A number of holidays this week points to quieter week for markets. However, as I note below, there are still a number of risk events on the horizon.
A growing focus is the divergent trend in the path of Covid in emerging markets and in developed economies, with the former especially in some parts of Asia, Latin America and Africa, seeing a significant worsening, which will likely result in delayed recoveries and lead to some EM asset market underperformance.
India’s Covid situation worsens dramatically
As all the headlines show, India’s Covid situation has become particularly dire though a lack of large-scale lockdowns has led to only a limited mark down in growth forecasts there even as risks intensify. Already there has been a political cost, with Indian PM Modi’s BJP party losing a key state election in West Bengal and losing ground in other state elections. Virus cases are still on the rise and sadly the picture will worsen before there are any signs of improvement.
Covid cases in India have been trending higher since February and hit record highs this weekend, above 400,000. The number of cases is approaching 20 million, with over 215k deaths, while the country has administered 157.2 million vaccine doses. However, at the current rate of vaccination of 2.26 million per day, it will take 2.2 years to cover 75% of the population with a two-dose vaccine.
US dollar consolidating
After losing ground in April (the USD index DXY fell close to 3% over the month) the US dollar (USD) looks likely to consolidate this month. USD positioning has already improved over recent months, suggesting limited scope for short covering. Seasonal factors are unlikely to be particularly influential this month. However, I am cognizant that cross asset market volatility has eased significantly, while risk assets are already priced for a lot of good news. Nonetheless, risk factors are increasingly rising, especially increasing Covid cases in many emerging markets as noted above. This leaves the market prone to bouts of risk aversion, which could result in some bouts of USD strength amid an overall backdrop of consolidation.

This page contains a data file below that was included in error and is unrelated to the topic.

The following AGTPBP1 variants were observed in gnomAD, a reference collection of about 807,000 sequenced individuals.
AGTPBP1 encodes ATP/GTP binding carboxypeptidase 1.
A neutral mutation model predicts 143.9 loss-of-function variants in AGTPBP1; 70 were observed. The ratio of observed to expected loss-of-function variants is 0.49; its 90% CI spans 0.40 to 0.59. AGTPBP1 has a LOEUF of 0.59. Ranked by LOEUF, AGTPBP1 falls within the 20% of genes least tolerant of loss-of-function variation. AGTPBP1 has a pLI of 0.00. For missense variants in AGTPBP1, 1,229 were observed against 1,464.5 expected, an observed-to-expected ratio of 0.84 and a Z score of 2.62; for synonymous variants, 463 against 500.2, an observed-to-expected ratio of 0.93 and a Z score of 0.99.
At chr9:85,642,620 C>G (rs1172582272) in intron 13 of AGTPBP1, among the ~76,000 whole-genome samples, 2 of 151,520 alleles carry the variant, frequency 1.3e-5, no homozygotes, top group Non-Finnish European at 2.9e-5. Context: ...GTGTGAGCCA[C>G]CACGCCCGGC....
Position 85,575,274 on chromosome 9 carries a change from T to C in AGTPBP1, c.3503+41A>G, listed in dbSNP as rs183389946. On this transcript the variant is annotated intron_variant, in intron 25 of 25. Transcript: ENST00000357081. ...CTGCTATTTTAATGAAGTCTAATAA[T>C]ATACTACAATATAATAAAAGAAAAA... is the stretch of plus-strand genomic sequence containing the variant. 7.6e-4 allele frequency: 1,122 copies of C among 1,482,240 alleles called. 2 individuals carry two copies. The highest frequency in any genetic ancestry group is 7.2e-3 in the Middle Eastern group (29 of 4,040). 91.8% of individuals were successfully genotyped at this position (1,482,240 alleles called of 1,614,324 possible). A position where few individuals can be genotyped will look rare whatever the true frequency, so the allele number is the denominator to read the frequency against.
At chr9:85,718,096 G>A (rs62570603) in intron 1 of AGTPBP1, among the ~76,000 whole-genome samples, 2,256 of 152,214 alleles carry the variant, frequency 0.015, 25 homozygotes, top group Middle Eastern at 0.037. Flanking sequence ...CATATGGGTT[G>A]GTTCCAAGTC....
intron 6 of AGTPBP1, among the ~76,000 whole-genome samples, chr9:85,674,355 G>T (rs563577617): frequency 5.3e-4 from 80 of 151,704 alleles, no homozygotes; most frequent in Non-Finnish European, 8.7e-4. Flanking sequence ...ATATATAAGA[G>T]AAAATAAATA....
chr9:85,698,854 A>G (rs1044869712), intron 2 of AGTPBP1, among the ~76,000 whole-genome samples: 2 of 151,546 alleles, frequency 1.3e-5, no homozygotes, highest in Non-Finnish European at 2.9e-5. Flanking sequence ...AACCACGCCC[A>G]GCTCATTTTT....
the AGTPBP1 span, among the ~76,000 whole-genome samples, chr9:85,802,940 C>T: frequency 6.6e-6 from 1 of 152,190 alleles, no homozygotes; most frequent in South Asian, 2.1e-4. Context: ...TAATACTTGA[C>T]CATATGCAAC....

Key data and events
This week is an important one for both data and events. There are several central bank decisions including in Australia (Tue), Thailand and Poland (Wed), Malaysia, UK, Turkey, and Brazil (Thu). None of the central banks are expected to change policy settings except Brazil, with the consensus looking for a 75bp hike there. In the UK, there is uncertainty over the future path of QE and whether the Bank of England extends asset purchases or takes the first steps to bringing asset purchases to an end echoing the Bank of Canada by announcing tapering.
On the data front, the main highlights include the US ISM surveys (today and Wed), US April jobs report (Fri) and China trade data. Both the US ISM surveys and payrolls are likely to reveal robust readings. Fiscal stimulus and easing Covid likely helped to boost US jobs growth in April while the unemployment rate likely fell. Meanwhile the ISM surveys will likely remain around historical highs for similar reasons. Overall, the data will continue to paint a picture of strengthening US economic recovery. Meanwhile China trade data is likely to reveal strong exports and imports growth, though much of this will likely be due to base effects.
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